About the most originality that any writer can hope to achieve
honestly is to steal with good judgment. While I would love to
claim those words as my own to begin a book about stealing ideas, I
must confess that the words are those of John Billings, creator of
the New York Public Library. THE LITTLE BOOK OF PLAGIARISM, by
Judge Richard A. Posner, is a stylish and insightful study of
intellectual cheating and stealing, which comes in many forms and
has afflicted some of the world's greatest writers and
Posner is one of America's foremost observers of law and
contemporary culture. In 1981, President Ronald Reagan nominated
Posner to the United States Court of Appeals for the Seventh
Circuit. Posner came to the judiciary after a distinguished career
as a professor of economics and law at the University of Chicago.
In addition to the dozens of opinions he authors each year, Posner
is also a prolific writer and sage observer of American life. He is
the author of books on law and literature, the Clinton-Lewinsky
scandal, the 2000 presidential election and countless other
observations on law and society. A 2004 poll in Legal
Affairs magazine named him one of the top legal thinkers in
As a judge and economist, Posner brings a unique perspective to the
issues raised by the sin of plagiarism. THE LITTLE BOOK OF
PLAGIARISM is small in size but substantial in perceptive
observations. Posner makes several significant points in his
novella-length discussion. First is the nature of the offense. Many
view plagiarism as a sin limited to educational institutions.
Posner correctly notes that plagiarism is far more than a
beleaguered student lifting words from others as he prepares his
term paper. The list of well-known authors accused of the sin runs
from Stephen Ambrose to Kaavya Viswanathan, the first-time novelist
whose two-book contract with Little, Brown was voided after pages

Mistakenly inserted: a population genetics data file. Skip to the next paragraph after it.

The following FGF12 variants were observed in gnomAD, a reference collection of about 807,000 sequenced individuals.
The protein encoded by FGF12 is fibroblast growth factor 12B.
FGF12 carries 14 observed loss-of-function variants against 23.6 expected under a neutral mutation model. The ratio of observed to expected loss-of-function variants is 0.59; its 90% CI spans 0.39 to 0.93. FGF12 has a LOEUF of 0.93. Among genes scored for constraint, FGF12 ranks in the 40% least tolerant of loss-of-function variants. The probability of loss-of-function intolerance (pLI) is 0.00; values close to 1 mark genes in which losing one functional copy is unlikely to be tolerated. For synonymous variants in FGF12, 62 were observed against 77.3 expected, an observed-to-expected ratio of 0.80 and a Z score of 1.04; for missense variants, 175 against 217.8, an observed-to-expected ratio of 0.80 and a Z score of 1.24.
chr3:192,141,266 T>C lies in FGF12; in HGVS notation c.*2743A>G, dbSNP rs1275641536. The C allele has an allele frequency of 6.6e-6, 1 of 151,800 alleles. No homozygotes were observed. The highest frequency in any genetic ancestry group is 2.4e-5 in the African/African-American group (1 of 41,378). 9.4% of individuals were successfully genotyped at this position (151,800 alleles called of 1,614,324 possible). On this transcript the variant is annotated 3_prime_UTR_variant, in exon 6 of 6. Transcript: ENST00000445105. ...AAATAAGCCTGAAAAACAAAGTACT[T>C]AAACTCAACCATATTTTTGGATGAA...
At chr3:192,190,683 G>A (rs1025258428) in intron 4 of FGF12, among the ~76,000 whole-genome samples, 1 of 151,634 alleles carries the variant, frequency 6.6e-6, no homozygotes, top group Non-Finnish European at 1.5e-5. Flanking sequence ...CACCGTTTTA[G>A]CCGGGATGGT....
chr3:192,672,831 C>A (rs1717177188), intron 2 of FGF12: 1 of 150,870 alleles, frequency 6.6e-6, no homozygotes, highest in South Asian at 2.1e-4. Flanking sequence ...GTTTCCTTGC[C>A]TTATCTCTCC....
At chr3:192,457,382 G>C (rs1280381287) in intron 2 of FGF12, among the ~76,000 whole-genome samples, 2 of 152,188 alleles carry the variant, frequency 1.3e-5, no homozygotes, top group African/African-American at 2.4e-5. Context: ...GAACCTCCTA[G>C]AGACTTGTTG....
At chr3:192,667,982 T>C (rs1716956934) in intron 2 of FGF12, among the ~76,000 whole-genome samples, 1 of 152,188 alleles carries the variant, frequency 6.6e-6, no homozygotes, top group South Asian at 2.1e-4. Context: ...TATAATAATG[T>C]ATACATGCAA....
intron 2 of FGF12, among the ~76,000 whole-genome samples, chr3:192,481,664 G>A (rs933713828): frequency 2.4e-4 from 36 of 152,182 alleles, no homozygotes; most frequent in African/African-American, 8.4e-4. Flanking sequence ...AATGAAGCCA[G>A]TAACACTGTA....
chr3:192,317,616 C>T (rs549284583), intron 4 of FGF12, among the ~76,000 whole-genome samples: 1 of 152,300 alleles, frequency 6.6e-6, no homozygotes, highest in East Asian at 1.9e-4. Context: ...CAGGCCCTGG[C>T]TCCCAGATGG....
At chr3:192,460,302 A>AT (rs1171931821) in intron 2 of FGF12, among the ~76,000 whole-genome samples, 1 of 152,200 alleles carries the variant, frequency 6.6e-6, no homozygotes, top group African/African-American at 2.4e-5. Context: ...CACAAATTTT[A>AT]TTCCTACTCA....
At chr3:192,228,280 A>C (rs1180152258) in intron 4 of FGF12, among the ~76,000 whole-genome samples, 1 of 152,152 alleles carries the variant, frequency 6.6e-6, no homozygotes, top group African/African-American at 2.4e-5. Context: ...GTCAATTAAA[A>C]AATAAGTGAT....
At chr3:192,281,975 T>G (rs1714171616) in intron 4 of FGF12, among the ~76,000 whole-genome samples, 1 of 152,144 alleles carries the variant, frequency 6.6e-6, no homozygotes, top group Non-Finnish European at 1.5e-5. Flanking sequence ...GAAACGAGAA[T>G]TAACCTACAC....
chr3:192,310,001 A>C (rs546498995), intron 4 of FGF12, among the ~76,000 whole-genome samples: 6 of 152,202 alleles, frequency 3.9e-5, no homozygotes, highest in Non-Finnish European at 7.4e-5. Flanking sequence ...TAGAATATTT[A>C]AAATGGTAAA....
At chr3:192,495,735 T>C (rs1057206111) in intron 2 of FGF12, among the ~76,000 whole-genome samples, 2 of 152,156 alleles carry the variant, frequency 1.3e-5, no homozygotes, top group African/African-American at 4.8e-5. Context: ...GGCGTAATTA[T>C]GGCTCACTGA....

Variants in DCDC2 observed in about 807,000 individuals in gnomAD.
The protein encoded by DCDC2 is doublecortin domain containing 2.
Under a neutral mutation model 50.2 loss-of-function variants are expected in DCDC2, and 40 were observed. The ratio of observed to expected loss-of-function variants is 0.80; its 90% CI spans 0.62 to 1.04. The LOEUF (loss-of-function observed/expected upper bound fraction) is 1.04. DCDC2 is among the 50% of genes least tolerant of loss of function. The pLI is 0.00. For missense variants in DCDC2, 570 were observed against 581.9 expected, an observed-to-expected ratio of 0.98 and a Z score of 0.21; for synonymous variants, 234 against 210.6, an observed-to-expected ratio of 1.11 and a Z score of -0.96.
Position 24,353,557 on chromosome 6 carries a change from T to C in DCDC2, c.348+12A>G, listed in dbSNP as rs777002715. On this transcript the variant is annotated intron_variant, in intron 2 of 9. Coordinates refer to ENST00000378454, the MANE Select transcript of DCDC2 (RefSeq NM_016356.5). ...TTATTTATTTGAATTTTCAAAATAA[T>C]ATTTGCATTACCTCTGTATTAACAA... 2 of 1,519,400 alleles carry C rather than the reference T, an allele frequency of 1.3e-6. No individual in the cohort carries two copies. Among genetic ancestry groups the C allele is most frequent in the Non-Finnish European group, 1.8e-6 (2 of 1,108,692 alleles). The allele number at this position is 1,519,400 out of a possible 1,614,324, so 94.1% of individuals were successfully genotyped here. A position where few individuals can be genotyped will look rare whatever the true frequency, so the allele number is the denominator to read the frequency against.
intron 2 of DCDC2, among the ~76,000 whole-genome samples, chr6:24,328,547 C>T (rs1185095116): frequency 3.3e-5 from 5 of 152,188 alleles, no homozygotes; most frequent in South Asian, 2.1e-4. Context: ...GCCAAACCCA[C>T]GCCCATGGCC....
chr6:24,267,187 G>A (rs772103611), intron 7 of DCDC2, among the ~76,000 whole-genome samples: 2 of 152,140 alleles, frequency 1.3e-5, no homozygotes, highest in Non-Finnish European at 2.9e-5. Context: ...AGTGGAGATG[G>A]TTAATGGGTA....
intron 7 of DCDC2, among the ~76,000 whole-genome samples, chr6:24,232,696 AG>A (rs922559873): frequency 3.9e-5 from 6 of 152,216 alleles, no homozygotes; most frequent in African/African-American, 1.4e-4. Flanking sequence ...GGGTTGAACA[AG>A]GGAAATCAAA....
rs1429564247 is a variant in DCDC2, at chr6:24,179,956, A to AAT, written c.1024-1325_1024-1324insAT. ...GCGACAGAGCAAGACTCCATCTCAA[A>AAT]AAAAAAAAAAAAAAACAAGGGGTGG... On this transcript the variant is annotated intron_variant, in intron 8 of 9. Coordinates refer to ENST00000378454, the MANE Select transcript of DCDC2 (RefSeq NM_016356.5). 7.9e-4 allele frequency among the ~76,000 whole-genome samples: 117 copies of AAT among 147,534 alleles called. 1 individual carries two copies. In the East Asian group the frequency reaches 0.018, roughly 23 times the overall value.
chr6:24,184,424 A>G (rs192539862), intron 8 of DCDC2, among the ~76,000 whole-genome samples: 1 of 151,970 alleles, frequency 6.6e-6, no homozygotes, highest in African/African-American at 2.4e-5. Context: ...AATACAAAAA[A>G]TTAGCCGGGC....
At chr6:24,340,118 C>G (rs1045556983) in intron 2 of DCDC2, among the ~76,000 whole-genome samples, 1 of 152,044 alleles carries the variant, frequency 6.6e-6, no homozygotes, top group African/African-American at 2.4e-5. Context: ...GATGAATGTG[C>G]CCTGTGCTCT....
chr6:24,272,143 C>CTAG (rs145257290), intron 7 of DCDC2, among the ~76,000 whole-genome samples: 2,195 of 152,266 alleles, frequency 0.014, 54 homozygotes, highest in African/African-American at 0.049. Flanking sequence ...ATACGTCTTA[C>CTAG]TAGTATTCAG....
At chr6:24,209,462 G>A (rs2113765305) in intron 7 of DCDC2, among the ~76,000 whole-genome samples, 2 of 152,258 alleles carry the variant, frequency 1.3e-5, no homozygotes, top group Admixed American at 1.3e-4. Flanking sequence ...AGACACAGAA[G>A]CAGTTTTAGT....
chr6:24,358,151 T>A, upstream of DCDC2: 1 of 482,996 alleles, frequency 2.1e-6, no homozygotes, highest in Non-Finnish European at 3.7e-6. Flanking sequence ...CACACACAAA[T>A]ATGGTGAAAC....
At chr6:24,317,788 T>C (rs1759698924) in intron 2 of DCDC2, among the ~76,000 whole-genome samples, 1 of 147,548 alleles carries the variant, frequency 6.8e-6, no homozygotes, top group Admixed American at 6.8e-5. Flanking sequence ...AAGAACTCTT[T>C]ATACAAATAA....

from her first novel HOW OPAL MEHTA GOT KISSED, GOT WILD, AND GOT A
LIFE were found to have been lifted from other sources.
Plagiarism, however, is not limited to the theft of the written
word. Rembrandt signed works of art that his assistants painted.
Shakespeare lifted plots for his plays from other playwrights.
Senator Joseph Biden appropriated the words of an English
politician, Neil Kinnock, as his own. The legally trained Posner
tries to distinguish plagiarism from copyright infringement but
finds the distinction a difficult one because of substantial
overlap between the two. Ultimately, Posner concludes that the vice
of plagiarism is reliance. "The reader does something because he
thinks the plagiarizing work original that he would not have done
had he known the truth."
The irony of this definition is that it excludes from the field of
plagiarism Posner's own profession, the law. Since it also happens
to be mine, I must observe that our profession may well be the most
common practitioners of plagiarism in contemporary society.
Partners claim authorship of legal briefs drafted by young
associates. Judges issue written opinions drafted by law clerks.
Professors publish scholarly works under their name when most of
the work has been performed by willing student researchers. But
Posner dismisses this type of plagiarism (with perhaps the
exception of the scholarly example) as non-plagiarism because
everyone knows and accepts this legal pilferage. Posner, a man who
writes his own opinions, should not be so forgiving of his fellow
One final observation from THE LITTLE BOOK OF PLAGIARISM that bears
mention is the technological revolution that has changed our
perception of the sin. Computer programs now allow college
professors and other interested parties to compare finished
products for materials lifted without appropriate attribution.
While this will expose academic offenders, it may have little
impact on other commercial plagiarizers. A man of remarkable
insight, Posner brings wit and wisdom to a subject that deserves
important discussion. After all, when the University of Oregon
plagiarizes the section dealing with plagiarism from Stanford's
teaching-assistant handbook, there is a problem worth
The secret to creativity is knowing how to hide your
sources. How I wish I had said that! This observation comes
from Albert Einstein. THE LITTLE BOOK OF PLAGIARISM is a worthy
addition to the small cadre of reference materials that most
writers keep within arm's reach of their computer. While it may be
a small book, it deserves a big audience.
Reviewed by Stuart Shiffman on December 30, 2010